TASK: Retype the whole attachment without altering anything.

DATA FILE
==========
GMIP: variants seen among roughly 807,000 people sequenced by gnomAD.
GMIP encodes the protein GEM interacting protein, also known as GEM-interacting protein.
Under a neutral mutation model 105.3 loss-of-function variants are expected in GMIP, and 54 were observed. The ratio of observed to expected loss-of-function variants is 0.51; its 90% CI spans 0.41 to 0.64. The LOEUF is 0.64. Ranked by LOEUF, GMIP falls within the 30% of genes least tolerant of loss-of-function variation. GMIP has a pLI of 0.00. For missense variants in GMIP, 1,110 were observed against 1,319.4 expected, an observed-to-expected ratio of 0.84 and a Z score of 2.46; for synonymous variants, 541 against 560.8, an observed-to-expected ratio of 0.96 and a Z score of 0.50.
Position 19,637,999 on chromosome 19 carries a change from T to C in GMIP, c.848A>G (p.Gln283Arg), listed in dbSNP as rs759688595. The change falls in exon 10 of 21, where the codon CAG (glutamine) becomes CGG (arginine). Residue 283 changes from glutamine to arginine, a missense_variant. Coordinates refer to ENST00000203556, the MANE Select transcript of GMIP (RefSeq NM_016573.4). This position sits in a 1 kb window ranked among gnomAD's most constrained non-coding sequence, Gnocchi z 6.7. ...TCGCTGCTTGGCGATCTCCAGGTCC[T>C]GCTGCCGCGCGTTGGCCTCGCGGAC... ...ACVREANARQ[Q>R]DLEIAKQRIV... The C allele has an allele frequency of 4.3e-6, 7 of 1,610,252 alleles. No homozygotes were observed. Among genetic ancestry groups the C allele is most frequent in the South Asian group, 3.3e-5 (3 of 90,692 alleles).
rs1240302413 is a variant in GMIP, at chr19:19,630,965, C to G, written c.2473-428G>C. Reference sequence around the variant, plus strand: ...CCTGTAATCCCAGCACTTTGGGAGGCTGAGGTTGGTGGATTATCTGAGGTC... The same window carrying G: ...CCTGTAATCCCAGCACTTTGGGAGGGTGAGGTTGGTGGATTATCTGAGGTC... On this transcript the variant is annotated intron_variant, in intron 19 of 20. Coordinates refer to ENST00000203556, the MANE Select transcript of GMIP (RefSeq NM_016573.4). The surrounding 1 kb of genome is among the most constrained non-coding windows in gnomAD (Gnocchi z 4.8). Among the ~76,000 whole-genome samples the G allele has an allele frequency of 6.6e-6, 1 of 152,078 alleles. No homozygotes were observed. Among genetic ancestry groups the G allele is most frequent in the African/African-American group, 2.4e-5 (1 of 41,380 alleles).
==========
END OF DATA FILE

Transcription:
GMIP: variants seen among roughly 807,000 people sequenced by gnomAD.
GMIP encodes the protein GEM interacting protein, also known as GEM-interacting protein.
Under a neutral mutation model 105.3 loss-of-function variants are expected in GMIP, and 54 were observed. The ratio of observed to expected loss-of-function variants is 0.51; its 90% CI spans 0.41 to 0.64. The LOEUF is 0.64. Ranked by LOEUF, GMIP falls within the 30% of genes least tolerant of loss-of-function variation. GMIP has a pLI of 0.00. For missense variants in GMIP, 1,110 were observed against 1,319.4 expected, an observed-to-expected ratio of 0.84 and a Z score of 2.46; for synonymous variants, 541 against 560.8, an observed-to-expected ratio of 0.96 and a Z score of 0.50.
Position 19,637,999 on chromosome 19 carries a change from T to C in GMIP, c.848A>G (p.Gln283Arg), listed in dbSNP as rs759688595. The change falls in exon 10 of 21, where the codon CAG (glutamine) becomes CGG (arginine). Residue 283 changes from glutamine to arginine, a missense_variant. Coordinates refer to ENST00000203556, the MANE Select transcript of GMIP (RefSeq NM_016573.4). This position sits in a 1 kb window ranked among gnomAD's most constrained non-coding sequence, Gnocchi z 6.7. ...TCGCTGCTTGGCGATCTCCAGGTCC[T>C]GCTGCCGCGCGTTGGCCTCGCGGAC... ...ACVREANARQ[Q>R]DLEIAKQRIV... The C allele has an allele frequency of 4.3e-6, 7 of 1,610,252 alleles. No homozygotes were observed. Among genetic ancestry groups the C allele is most frequent in the South Asian group, 3.3e-5 (3 of 90,692 alleles).
rs1240302413 is a variant in GMIP, at chr19:19,630,965, C to G, written c.2473-428G>C. Reference sequence around the variant, plus strand: ...CCTGTAATCCCAGCACTTTGGGAGGCTGAGGTTGGTGGATTATCTGAGGTC... The same window carrying G: ...CCTGTAATCCCAGCACTTTGGGAGGGTGAGGTTGGTGGATTATCTGAGGTC... On this transcript the variant is annotated intron_variant, in intron 19 of 20. Coordinates refer to ENST00000203556, the MANE Select transcript of GMIP (RefSeq NM_016573.4). The surrounding 1 kb of genome is among the most constrained non-coding windows in gnomAD (Gnocchi z 4.8). Among the ~76,000 whole-genome samples the G allele has an allele frequency of 6.6e-6, 1 of 152,078 alleles. No homozygotes were observed. Among genetic ancestry groups the G allele is most frequent in the African/African-American group, 2.4e-5 (1 of 41,380 alleles).